Astrophysics (Index)About


(center of mass, CM)
(center of mass of two orbiting bodies)

Barycenter is the center of mass (i.e., CM) of two or more bodies orbiting each other, specifically the one point from which the products of the mass of each body times the vector from the this point to that body's position sum to a zero-length vector. For a system of just two bodies, this simplifies to: mass × distance from the barycenter is the same for each. For some purposes, such as from a long distance away from the orbiting bodies, all of them together can be treated as a single mass at the barycenter, a simplification in calculations. This is the classical-mechanics calculation of the barycenter, but relativity affects its location, and under extreme circumstances, a classical calculation can be significantly off.

A system's barycenter may fall within one of the bodies, which happens when one body is far more massive than the other(s) and the orbital radius is sufficiently small. For example, the barycenter of the Earth and Moon is some distance from the center of the Earth toward the moon, yet within the Earth.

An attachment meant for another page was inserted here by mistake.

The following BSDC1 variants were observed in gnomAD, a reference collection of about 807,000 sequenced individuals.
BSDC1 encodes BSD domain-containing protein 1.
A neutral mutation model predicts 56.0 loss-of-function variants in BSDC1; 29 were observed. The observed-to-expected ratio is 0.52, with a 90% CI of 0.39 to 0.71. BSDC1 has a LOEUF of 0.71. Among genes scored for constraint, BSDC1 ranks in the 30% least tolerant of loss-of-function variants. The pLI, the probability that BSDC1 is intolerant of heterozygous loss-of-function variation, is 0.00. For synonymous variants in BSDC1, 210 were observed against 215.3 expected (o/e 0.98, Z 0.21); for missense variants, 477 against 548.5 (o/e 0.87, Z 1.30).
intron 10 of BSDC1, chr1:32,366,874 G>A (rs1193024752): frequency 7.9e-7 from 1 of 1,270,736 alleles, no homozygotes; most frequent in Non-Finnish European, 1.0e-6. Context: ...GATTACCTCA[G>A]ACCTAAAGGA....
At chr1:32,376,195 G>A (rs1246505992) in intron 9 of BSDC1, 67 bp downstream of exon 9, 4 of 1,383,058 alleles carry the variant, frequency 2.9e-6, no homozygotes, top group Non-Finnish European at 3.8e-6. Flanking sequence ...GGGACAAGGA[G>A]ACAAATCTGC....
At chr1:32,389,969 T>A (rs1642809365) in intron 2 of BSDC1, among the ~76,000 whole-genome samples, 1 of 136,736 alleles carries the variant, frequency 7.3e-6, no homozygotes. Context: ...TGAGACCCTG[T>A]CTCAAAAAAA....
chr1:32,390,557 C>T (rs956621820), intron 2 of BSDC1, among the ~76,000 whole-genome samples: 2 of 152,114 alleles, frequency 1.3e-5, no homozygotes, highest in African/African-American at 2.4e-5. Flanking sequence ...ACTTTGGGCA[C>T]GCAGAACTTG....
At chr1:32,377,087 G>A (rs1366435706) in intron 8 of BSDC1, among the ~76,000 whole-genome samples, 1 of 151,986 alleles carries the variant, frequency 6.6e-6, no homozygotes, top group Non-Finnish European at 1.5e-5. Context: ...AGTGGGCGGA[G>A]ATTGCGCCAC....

While a barycenter is a center of mass, the latter term also applies to a single object: the Earth has a center of mass, undoubtedly very close to a point half-way between the poles, but due to surface topology and density differences within the Earth, is not exactly at that point.

The adjective barycentric means "having to do with the barycenter". In astronomy, barycentric coordinates are coordinates using a barycenter as the origin (i.e., a center of mass frame of reference) and can be useful in analyzing orbits. (Outside astronomy, the same phrase, barycentric coordinates has a different meaning.)

The related term, center of gravity (CG) is sometimes used for the center of mass, but more accurately refers to the effect of gravity on an object, i.e., if the object is suspended at that point, the surrounding gravitational field exerts no torgue on the object (force to turn it). If the field is not uniform, an object's center of gravity may not match its center of mass: this happens to an insignificantly-small degree virtually everywhere and can be significant in extreme circumstances.

Further reading:

Referenced by pages:
International Celestial Reference System (ICRS)
Julian date (JD)
orbital speed
reduced mass
stellar mass determination
tidal force
time standard
terrestrial time (TT)